Are the Jews crazy? No! Not all of them. Only the Ashkenazi Jews and not all of them either, but many more than they ever feared and the rest of us ever suspected.
It has been known for a long time that the Ashkenazi Jews, which represent 95% of all Jews, are susceptible to some severe and profoundly debilitating genetic diseases specific to their ethnic group, like:
Tay-Sachs Disease (carrier rate 1:25 births), Canavan (1:40), Niemann-Pick (1:90), Gaucher’s (1:14), Familial Familial Dysautonomia (1:30), Bloom Syndrome (1:100), Fanconi anemia (1:89), Cystic Fibrosis (1:25) and Mucolipidosis IV.
If two carriers of the same disorder have children, there is a 25% chance of having an affected child, a 50% chance of having a child who is a carrier like themselves, and a 25% chance of having a child who is neither affected nor a carrier.
The response to this awareness at the general public level in Israel has been for the affected individuals to …. sue the doctors who did not counsel their parents to abort them, a legal novelty that came to be known as “wrongful birth suit.”
In these lawsuit claims, doctors are held liable for not discovering fetal abnormalities that might have prompted parents to abort their child.
Wrongful life/birth claims, according to LifeSiteNews, are more prevalent in Israel where a higher rate of genetic disorders caused by consanguineous (connected by kinship) marriages has fueled a “pro-genetic testing culture.”
At the community level the concern has encouraged American Jews to promote research and demand better funding for research targeted to these diseases (shades of “primacy of Jewish sufering”), and in Israel to create a national registry to get a better grip on the problem and also provide a venue for donors (e.g., of marrow).
At the same time intensified Israeli research into the Ashkenazi genetic diseases has paid unexpected dividends. In an article recently published in the most prestigious scientific journal, Nature, Israeli researchers announced the discovery of a genetic marker for major psychiatric disorders with high heritability like schizophrenia, schizoaffective disorders, manic depression and bipolar disorder linked in a genome-wide association in the Ashkenazi Jewish population, in lay language a mutated gene that makes Ashkenazi Jews 40% more likely to develop these severe psychiatric disorders than non-Jews.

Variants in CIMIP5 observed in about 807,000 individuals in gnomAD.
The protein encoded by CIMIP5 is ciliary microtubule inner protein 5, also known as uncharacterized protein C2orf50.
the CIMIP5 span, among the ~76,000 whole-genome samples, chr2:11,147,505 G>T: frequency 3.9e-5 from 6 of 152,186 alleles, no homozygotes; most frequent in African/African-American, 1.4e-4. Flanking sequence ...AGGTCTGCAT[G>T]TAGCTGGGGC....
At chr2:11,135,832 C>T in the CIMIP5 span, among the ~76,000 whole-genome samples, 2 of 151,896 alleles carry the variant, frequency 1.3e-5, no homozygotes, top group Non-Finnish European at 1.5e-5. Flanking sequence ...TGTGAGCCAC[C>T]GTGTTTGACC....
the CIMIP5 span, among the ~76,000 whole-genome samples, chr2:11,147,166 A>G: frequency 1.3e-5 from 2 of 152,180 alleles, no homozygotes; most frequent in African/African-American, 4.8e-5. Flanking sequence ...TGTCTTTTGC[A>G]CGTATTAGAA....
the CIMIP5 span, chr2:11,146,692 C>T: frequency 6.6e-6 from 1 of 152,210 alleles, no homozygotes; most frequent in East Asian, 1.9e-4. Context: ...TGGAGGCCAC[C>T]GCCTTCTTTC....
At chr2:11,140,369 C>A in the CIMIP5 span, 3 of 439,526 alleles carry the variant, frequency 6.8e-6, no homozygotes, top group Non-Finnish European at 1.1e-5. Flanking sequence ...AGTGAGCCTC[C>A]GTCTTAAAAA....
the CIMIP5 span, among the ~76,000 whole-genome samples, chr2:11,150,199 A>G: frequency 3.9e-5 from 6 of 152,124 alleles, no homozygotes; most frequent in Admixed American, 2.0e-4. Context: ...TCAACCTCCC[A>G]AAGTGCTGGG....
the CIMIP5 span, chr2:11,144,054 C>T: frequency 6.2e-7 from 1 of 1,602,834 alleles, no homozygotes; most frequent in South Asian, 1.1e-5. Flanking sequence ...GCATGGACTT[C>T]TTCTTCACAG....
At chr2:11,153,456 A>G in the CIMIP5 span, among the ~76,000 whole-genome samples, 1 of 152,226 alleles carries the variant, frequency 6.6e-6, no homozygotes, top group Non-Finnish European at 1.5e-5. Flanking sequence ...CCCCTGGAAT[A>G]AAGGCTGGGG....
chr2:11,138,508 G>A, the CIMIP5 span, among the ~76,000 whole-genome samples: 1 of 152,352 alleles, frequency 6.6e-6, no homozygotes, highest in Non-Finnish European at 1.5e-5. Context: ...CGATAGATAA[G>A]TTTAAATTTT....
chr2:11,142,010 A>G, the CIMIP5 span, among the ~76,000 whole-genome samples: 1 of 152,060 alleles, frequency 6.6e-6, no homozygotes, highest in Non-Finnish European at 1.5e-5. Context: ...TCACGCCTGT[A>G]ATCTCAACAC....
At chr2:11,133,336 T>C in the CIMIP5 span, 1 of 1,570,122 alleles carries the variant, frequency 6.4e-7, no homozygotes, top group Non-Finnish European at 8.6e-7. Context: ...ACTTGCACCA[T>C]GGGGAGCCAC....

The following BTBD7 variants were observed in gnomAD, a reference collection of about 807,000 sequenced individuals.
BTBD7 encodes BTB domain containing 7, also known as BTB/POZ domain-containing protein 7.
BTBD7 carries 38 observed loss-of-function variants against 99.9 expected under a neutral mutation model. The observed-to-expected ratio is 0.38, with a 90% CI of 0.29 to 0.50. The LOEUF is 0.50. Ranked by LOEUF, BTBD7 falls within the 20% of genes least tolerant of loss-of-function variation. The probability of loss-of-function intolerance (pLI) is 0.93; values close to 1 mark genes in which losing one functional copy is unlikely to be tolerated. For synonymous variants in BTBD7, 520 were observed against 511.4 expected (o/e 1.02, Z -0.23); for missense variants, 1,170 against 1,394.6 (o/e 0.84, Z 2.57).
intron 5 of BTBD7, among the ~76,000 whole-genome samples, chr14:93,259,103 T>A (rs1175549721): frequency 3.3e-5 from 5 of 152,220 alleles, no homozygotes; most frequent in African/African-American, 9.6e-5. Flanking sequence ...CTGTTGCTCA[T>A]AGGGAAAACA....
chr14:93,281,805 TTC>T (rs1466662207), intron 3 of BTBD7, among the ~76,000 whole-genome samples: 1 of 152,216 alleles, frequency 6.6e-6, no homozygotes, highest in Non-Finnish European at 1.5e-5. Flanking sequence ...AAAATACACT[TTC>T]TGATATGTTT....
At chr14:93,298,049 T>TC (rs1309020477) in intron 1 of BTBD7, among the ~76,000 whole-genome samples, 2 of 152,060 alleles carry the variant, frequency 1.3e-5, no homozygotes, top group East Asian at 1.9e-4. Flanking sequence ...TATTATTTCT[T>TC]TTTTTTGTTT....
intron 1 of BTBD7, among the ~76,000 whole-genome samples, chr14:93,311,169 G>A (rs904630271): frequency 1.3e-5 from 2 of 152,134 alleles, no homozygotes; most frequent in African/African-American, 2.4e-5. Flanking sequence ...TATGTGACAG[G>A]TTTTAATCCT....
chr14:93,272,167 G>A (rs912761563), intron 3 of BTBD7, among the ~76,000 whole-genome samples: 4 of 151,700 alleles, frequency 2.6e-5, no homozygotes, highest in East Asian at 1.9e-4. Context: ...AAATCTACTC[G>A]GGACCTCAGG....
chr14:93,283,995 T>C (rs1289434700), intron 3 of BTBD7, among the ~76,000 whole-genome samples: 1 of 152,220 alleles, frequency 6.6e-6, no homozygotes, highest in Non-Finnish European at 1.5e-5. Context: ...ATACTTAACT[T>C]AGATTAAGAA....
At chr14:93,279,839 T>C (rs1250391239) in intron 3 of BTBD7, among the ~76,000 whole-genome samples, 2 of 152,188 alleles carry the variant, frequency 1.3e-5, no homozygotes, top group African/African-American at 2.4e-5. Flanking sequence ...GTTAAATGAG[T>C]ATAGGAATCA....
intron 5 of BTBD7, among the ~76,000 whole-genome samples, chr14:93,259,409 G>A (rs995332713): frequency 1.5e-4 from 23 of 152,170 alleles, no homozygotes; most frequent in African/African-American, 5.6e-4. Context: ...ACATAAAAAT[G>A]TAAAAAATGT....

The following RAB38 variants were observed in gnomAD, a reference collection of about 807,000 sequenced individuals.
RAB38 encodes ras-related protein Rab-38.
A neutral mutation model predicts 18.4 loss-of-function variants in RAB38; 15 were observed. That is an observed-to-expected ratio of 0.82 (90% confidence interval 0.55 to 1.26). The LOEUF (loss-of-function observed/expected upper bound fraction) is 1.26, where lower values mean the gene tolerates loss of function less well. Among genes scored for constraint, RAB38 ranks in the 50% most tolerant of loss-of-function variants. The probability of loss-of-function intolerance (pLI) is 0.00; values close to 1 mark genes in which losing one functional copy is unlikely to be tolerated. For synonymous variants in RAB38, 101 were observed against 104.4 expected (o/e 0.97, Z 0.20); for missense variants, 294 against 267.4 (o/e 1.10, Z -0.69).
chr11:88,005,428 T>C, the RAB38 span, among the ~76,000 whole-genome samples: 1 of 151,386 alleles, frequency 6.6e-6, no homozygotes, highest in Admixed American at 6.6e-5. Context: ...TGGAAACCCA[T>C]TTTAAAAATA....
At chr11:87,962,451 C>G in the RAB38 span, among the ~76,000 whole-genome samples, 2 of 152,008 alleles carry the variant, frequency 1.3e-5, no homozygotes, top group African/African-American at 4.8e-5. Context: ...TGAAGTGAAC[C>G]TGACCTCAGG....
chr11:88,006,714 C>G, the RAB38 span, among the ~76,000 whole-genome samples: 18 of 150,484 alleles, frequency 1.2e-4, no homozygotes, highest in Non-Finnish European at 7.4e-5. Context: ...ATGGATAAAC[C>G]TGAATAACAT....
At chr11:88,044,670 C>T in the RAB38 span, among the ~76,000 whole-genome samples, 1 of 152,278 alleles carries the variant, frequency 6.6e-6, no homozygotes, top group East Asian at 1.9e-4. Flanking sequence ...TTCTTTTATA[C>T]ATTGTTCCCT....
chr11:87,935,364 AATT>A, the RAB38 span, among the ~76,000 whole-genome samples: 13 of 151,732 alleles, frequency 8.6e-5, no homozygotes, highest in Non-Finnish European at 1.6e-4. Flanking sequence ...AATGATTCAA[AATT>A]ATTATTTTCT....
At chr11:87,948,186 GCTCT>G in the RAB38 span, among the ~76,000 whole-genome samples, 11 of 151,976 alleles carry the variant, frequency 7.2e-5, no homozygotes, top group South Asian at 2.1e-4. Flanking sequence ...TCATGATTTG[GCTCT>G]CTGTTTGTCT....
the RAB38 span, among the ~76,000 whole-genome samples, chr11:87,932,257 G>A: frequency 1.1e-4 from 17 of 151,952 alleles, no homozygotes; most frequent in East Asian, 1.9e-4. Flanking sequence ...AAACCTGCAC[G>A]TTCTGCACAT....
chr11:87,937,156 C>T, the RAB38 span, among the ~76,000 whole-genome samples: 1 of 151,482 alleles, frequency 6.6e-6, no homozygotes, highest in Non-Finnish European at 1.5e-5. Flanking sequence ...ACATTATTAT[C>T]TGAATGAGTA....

That is a huge figure. The prevalence of schizophrenia in the US is given as anywhere between 1: and 4:1,000, which means that of every 1,000 American non-Jews you come into contact with at least one or as many as four are likely to be schizophrenics. The Nature findings can be extrapolated to mean that of every 100 American Jews you meet, as many as 16 are, if not all schizophrenics, at least carriers of the defective gene to pass on to their progeny. I could not find the prevalence of schizophrenia in Israel in any source.
The Nature study used sophisticated statistical analyses, a large sample cohort (904 schizophrenic) and a very large (1,640) control group, both from “certified” Askenazi Jews. *
Therefore a disproportionate number of Jews are affected by severe psychiatric disorders arising from a mutated gene due to inbreeding and the only cure is worse than the disease and in fact worse than death: the dreaded abomination, the “A” word, assimilation!